- Minion Shipping: They're two minions who are... very close to each other.
- Mister X and Mister Y: They always call each other Mr. Wint and Mr. Kidd.
- Psycho for Hire: They're clear psychos who are hired by Blofeld to eliminate the smuggling "pipeline" that leads to him.
- Psychotic Smirk: Given their Affably Evil status, they flash a lot of these during the course of the film.
- Red Right Hand: In the book, Wynt has a distinctive wart on his thumb, while Kidd has white hair.
- Revolvers Are Just Better: In the book, Wynt wields a .38 Colt Police Positive, while Kidd wields a .45 revolver.
- Room Disservice: They attempt to pull a Dragon Their Feet on Bond and Tiffany Case by posing as hotel room service on a cruise liner. They fail.
- Soft-Spoken Sadist: They always speak pleasantly of their murders, like when Mr. Kidd suggests to send some pictures of the corpse of one of their victims to her schoolchildren.
- Sissy Villain: Mr. Wint in the film acts very sissy.
- Straight Gay: While Mr. Wint could be said to be vaguely swishy (though not really for the time), Mr. Kidd is so un-flamboyant, you'd never guess he's gay if not for the "For a lady" scene.
- Those Two Bad Guys: Probably the two most iconic examples of this trope. The trope's main article page is even written in the distinctive manner they address each other with.
Albert R. "Burt" Saxby
Played by: Bruce CabotSaxby works for Willard Whyte until Blofeld takes over; Saxby then becomes Blofeld's right-hand man. He gets shot by CIA agents while attempting to assassinate Willard Whyte. As the dead Saxby tumbles down a hill, Whyte spouts one of the movie's best-remembered deadpan-lines: "Tell him he's fired!".His name is a direct reference to the series' producer Albert R. "Cubby" Broccoli.
Bambi and Thumper
Bambi and Thumper
Played by: Lola Larson and Trina ParksTwo women who are keeping the real Willard Whyte prisoner in his house.
- Bodyguard Babes: They're put to guard Willard Whyte from rescue or escape.
- Faux Action Girl: They're easily beaten by Bond as aside from some acrobatics they don't have any real combat skills.
- Fluffy the Terrible: Guess where their names come from...
- Ms. Fanservice: Thumper. She's the one in a bikini in the picture.
- Murderous Thighs: Bambi puts Bond in a scissors hold to allow Thumper to attack him.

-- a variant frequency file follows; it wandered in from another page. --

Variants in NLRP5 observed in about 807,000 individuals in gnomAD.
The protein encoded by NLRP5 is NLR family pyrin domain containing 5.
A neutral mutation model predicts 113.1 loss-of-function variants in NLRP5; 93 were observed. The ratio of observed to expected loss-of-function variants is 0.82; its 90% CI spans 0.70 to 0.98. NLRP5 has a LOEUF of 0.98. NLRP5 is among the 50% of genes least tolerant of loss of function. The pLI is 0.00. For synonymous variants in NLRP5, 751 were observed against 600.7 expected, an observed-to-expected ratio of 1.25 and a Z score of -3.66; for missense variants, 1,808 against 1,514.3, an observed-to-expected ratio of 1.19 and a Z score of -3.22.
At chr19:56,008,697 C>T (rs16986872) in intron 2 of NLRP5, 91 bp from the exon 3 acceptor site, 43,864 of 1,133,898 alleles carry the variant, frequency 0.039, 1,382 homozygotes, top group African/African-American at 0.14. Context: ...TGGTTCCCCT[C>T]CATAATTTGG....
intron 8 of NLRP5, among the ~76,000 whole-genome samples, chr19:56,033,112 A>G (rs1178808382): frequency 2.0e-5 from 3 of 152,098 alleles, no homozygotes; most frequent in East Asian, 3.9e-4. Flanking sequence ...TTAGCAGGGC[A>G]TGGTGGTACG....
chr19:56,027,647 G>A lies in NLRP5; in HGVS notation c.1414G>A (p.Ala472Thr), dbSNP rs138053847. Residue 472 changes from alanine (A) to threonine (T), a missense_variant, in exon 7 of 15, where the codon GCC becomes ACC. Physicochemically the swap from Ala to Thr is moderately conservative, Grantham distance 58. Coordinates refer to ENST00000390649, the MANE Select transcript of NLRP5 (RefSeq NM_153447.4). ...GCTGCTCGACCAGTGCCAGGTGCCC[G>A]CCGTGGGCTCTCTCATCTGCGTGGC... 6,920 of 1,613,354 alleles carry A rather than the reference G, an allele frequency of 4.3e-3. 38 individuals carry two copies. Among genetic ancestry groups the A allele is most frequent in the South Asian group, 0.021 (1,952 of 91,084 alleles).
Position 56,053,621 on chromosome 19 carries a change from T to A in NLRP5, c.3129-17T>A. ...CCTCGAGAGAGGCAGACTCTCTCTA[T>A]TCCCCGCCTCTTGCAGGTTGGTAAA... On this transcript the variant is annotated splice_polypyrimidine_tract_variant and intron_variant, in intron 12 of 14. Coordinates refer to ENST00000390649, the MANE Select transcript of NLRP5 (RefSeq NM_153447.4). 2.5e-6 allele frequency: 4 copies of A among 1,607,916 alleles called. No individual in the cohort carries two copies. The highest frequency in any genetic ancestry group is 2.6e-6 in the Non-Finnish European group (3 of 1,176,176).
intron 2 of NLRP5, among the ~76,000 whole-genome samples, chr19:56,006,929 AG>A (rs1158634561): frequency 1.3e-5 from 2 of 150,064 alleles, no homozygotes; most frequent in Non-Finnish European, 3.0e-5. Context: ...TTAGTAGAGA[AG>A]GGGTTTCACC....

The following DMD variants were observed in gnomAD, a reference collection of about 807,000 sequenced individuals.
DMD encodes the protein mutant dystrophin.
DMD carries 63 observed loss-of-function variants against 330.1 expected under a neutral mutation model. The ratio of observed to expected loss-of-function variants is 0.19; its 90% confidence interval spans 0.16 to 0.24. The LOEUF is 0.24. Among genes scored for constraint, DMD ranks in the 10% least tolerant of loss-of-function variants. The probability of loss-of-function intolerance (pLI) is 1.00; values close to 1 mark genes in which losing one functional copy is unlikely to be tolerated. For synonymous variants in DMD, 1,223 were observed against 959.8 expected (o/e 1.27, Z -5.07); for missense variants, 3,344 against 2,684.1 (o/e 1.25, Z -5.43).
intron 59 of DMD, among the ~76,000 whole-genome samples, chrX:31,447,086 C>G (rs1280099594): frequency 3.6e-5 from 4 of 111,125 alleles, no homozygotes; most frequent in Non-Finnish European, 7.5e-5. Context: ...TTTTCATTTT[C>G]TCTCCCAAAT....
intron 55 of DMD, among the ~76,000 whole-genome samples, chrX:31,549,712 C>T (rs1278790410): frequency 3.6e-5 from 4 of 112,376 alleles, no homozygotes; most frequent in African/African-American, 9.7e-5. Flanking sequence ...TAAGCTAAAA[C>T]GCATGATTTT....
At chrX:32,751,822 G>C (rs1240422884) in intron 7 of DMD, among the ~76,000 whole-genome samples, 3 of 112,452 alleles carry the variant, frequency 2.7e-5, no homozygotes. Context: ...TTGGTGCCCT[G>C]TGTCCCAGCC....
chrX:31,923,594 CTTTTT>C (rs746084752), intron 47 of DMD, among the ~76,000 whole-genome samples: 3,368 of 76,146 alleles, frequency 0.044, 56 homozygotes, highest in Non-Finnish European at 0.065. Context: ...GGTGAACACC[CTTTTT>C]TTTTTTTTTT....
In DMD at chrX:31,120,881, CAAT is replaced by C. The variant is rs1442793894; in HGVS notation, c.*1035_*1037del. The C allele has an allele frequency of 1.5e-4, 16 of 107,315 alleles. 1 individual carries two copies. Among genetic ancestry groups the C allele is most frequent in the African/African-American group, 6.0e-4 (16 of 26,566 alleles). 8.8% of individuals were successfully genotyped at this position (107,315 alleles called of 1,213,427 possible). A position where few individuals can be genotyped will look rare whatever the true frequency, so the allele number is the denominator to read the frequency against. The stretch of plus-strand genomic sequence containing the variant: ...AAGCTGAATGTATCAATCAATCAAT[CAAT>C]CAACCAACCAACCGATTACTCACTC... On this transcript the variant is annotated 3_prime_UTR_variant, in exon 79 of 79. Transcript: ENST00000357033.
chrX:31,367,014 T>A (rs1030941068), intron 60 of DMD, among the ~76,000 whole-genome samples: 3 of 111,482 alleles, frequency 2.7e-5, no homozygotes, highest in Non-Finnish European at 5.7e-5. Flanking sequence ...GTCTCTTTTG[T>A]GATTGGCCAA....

- Salt and Pepper: From what we briefly see about them, they fit the trope. They both start up speaking calmly and seductively, but when they start beating Bond up, while Bambi keeps speaking that way, Thumper switches to Kiai.
- She-Fu: They do impractical backflips, Unnecessary Combat Rolls, gymnastic cartwheels, the whole thing.
- Stripperiffic: Thumper is dressed only in a bikini.
- Walking Swimsuit Scene: Thumper is dressed only in a bikini.
Played by: Lana WoodAn opportunistic would-be girlfriend who gets unceremoniously thrown out by thugs. She is killed by Wint and Kidd who mistook her for Tiffany.
- Buxom Is Better: Ooh yeah. Plenty of it.
- Cartwright Curse: Though she didn't even have time to make love with Bond.
- Cement Shoes: She is drowned in the hotel pool this way by Wint and Kidd.
- Embarrassing First Name: Really? "Plenty"?
- Gambler Groupies: She's introduced serving as one for a man who's gambling at the Whyte House. Unfortunately for him...
- Gold Digger: ...he loses all his money, so she dumps him and latches on to James Bond after hearing the hefty sum Bond is gambling, giving this vibe.
- Innocent Bystander: She doesn't have anything to do with the diamond-smuggling plot, but is killed by Wint and Kidd when they mistake her for Tiffany Case.
- Meaningful NamePlenty: Hi, I'm Plenty.
Bond: But of course you are.
- Ms. Fanservice: First a low cut purple dress, and then stripped down to nothing but transparent pink panties.
- Naked People Are Funny: Close enough. She is almost completely naked when she gets thrown out the window and lands in the pool, and before that with her arms folded protectively over her chest while she screamed in humiliated protest was clearly played for laughs.
- Punny Name: A big-breasted woman named Plenty O'Toole.
- Sacrificial Lamb: Gets killed by Wint and Kidd to show that they're a dangereous act, just in case their murders in the opening didn't make it clear.
- Shameful Strip: Though it wasn't the strip that shamed her, it was being caught by "the perverts convention" that shamed her, causing her to go from Shameless Fanservice Girl to Reluctant Fanservice Girl.
- Unfortunate Names: Again, she's a big-breasted woman named Plenty O'Toole.
- We Hardly Knew Ye: The audience gets to know next to nothing about her before her death.
Played by: Leonard BarrA standup comic performing at the Whyte House in Las Vegas, Tree operates as part of Blofeld's diamond smuggling network. He is killed by Wint and Kidd.
- Adaptational Villainy: In the book he was Bond's ally.
- Grumpy Old Man: He sure is grumpy on and offstage. His first impression upon meeting Wint and Kidd is assuming that they're critics.Shady Tree: [after Mr. Wint and Mr. Kidd enter into his dressing room] Critics and materials I don't need! I haven't changed my act in 40 years!
- He Knows Too Much: He's killed by Wint and Kidd for being part of the diamond smuggling ring.
- Perpetual Frowner: He's frowning all the time.
- Punch Clock Villain: He's simply doing a job he's getting paid for, even if that job just happens to be diamond smuggling.
- Villainous Rescue: He saves Bond's life by stopping the cremation process.
- You Have Outlived Your Usefulness: He is killed by Wint and Kidd (with a "Bang!" Flag Gun that shoots a real bullet) in a deleted scene.